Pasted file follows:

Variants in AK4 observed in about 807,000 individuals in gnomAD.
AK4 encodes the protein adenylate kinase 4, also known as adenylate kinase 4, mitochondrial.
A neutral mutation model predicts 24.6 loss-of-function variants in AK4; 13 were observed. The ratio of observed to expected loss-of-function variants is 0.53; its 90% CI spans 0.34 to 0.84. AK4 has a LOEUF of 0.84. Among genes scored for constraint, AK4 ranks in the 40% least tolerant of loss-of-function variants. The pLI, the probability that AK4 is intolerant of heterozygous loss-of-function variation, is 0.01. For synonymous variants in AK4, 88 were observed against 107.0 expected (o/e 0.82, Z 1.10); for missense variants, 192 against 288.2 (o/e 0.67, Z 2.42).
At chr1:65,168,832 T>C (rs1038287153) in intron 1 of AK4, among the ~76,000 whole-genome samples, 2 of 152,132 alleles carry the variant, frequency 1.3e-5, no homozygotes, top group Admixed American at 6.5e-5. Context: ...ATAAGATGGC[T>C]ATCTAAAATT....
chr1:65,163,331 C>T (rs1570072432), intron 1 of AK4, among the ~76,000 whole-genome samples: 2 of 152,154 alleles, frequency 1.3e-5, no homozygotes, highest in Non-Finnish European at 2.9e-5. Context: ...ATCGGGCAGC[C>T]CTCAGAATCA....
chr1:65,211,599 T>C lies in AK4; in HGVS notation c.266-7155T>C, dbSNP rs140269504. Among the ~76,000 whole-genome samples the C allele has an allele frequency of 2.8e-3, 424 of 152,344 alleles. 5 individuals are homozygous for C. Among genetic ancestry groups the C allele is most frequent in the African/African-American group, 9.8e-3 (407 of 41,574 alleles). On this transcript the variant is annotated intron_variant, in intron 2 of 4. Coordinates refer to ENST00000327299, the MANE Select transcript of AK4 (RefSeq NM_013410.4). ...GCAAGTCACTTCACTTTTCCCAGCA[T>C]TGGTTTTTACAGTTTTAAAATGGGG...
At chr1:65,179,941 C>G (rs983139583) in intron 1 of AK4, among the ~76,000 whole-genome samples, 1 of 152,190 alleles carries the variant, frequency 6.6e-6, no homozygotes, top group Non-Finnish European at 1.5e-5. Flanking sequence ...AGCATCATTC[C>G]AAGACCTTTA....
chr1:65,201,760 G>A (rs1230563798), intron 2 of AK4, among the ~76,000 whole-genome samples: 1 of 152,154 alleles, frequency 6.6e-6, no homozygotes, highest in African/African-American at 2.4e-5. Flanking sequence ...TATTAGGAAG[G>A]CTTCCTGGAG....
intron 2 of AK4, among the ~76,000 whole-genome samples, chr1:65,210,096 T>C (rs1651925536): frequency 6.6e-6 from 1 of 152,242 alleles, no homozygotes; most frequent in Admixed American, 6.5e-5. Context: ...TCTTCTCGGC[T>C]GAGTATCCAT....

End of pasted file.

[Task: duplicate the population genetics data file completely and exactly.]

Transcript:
Variants in AK4 observed in about 807,000 individuals in gnomAD.
AK4 encodes the protein adenylate kinase 4, also known as adenylate kinase 4, mitochondrial.
A neutral mutation model predicts 24.6 loss-of-function variants in AK4; 13 were observed. The ratio of observed to expected loss-of-function variants is 0.53; its 90% CI spans 0.34 to 0.84. AK4 has a LOEUF of 0.84. Among genes scored for constraint, AK4 ranks in the 40% least tolerant of loss-of-function variants. The pLI, the probability that AK4 is intolerant of heterozygous loss-of-function variation, is 0.01. For synonymous variants in AK4, 88 were observed against 107.0 expected (o/e 0.82, Z 1.10); for missense variants, 192 against 288.2 (o/e 0.67, Z 2.42).
At chr1:65,168,832 T>C (rs1038287153) in intron 1 of AK4, among the ~76,000 whole-genome samples, 2 of 152,132 alleles carry the variant, frequency 1.3e-5, no homozygotes, top group Admixed American at 6.5e-5. Context: ...ATAAGATGGC[T>C]ATCTAAAATT....
chr1:65,163,331 C>T (rs1570072432), intron 1 of AK4, among the ~76,000 whole-genome samples: 2 of 152,154 alleles, frequency 1.3e-5, no homozygotes, highest in Non-Finnish European at 2.9e-5. Context: ...ATCGGGCAGC[C>T]CTCAGAATCA....
chr1:65,211,599 T>C lies in AK4; in HGVS notation c.266-7155T>C, dbSNP rs140269504. Among the ~76,000 whole-genome samples the C allele has an allele frequency of 2.8e-3, 424 of 152,344 alleles. 5 individuals are homozygous for C. Among genetic ancestry groups the C allele is most frequent in the African/African-American group, 9.8e-3 (407 of 41,574 alleles). On this transcript the variant is annotated intron_variant, in intron 2 of 4. Coordinates refer to ENST00000327299, the MANE Select transcript of AK4 (RefSeq NM_013410.4). ...GCAAGTCACTTCACTTTTCCCAGCA[T>C]TGGTTTTTACAGTTTTAAAATGGGG...
At chr1:65,179,941 C>G (rs983139583) in intron 1 of AK4, among the ~76,000 whole-genome samples, 1 of 152,190 alleles carries the variant, frequency 6.6e-6, no homozygotes, top group Non-Finnish European at 1.5e-5. Flanking sequence ...AGCATCATTC[C>G]AAGACCTTTA....
chr1:65,201,760 G>A (rs1230563798), intron 2 of AK4, among the ~76,000 whole-genome samples: 1 of 152,154 alleles, frequency 6.6e-6, no homozygotes, highest in African/African-American at 2.4e-5. Flanking sequence ...TATTAGGAAG[G>A]CTTCCTGGAG....
intron 2 of AK4, among the ~76,000 whole-genome samples, chr1:65,210,096 T>C (rs1651925536): frequency 6.6e-6 from 1 of 152,242 alleles, no homozygotes; most frequent in Admixed American, 6.5e-5. Context: ...TCTTCTCGGC[T>C]GAGTATCCAT....